Feb. 22, 2012
BOSTON — In what marks a rare personal defense of the reasoning behind a judicial ruling, a recently retired Massachusetts judge is speaking out about her controversial decision to order a mentally ill woman to have an abortion and undergo sterilization.
Very few cases that end up in court are simple … but the one that entered Judge Christina Harms’ Norfolk probate courtroom last fall was particularly complicated.
"I realized from the moment the case walked into my courtroom that it had the potential to become the perfect storm of controversy," she told WGBH News.
The case, which includes a number of complex ethical and legal questions, centered on a 32-year-old woman with schizophrenia identified as “Mary Moe” in court documents. Moe was pregnant for the third time. Her parents, who already had custody of one of Moe's children, petitioned to have their daughter declared incompetent.
After witnessing "substantial delusional beliefs," Harms ruled that the Moe was indeed incapable of making her own decisions.
The next step, she said, was to apply what she called a "well-established" test that asks the judge to review as much evidence as possible and then determine what the person's judgment would be if she had been competent. Harms found that Moe would have decided to terminate the pregnancy.
Harms then went one step further, directing that Moe be sterilized to, as she put it, “avoid this painful situation from recurring in the future.”
In January, in a ruling that got widespread media attention, a state appeals court overturned Harms’ decision, basically saying that she overreached her authority.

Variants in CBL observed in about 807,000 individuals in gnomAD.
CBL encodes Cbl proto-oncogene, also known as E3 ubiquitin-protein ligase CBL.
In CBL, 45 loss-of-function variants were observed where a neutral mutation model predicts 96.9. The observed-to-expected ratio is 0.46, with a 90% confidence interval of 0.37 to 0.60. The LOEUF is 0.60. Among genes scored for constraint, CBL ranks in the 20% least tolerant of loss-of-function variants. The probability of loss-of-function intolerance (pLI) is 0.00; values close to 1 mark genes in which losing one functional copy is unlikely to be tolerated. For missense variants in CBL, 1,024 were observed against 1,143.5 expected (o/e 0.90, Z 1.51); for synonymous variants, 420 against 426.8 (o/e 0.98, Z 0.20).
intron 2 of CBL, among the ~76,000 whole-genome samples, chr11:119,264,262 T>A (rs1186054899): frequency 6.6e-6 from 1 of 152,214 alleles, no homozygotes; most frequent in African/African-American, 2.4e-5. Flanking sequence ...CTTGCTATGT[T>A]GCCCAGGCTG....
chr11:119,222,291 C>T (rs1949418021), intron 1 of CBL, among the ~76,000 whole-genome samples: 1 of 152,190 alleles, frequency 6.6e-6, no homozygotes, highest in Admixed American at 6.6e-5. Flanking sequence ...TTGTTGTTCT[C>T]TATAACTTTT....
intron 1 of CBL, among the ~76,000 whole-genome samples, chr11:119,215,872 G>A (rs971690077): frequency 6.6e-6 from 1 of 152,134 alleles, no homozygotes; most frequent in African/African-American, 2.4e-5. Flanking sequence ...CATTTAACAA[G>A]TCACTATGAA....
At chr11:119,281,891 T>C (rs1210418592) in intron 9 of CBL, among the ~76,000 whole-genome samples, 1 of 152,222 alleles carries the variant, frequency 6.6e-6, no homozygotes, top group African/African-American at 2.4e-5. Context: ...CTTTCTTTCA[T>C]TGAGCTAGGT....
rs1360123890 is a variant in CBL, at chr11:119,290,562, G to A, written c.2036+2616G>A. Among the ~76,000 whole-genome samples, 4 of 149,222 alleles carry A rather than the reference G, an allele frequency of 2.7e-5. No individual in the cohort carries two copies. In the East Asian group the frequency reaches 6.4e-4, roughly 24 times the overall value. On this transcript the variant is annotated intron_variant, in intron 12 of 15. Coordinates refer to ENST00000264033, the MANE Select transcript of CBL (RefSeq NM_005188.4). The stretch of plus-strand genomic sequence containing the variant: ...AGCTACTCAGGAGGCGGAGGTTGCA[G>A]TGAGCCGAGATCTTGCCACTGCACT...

Now Harms is defending her decision.
She called the appeals court ruling sensational and insulting, saying, "For the appeals court to basically mock me does not promote confidence in the judiciary."
Harms, who retired from the bench last month, also has issues with the institution that was to become her next employer. After her ruling sparked national controversy, Boston University's School of Law rescinded a job offer it has previously put on the table. Harms said BU’s decision undermines the judicial independence in the American legal system.
"Do you want any judge, in any case that you care about, in any state in this country to be thinking — instead of thinking 'What’s the right decision in this case, what are the facts, what is the law' — to be thinking, 'Hmm, how’s this decision going to play out, either in the public or for my next career?' Absolutely not," she said.
The college said it never made a formal job offer — but has acknowledged that the controversy whipped up by her ruling contributed to the decision to take Harms out of contention for the job.
Harms said she has no interest in trying to force BU to hire her. Her speaking out, she said, is about principle: "I’ve spent 23 years as a judge, valuing and living by the principle that judges should make the best decision and an honest decision, not based on popularity."
Once she feels she’s made that point, Harms said, it will be time to move on.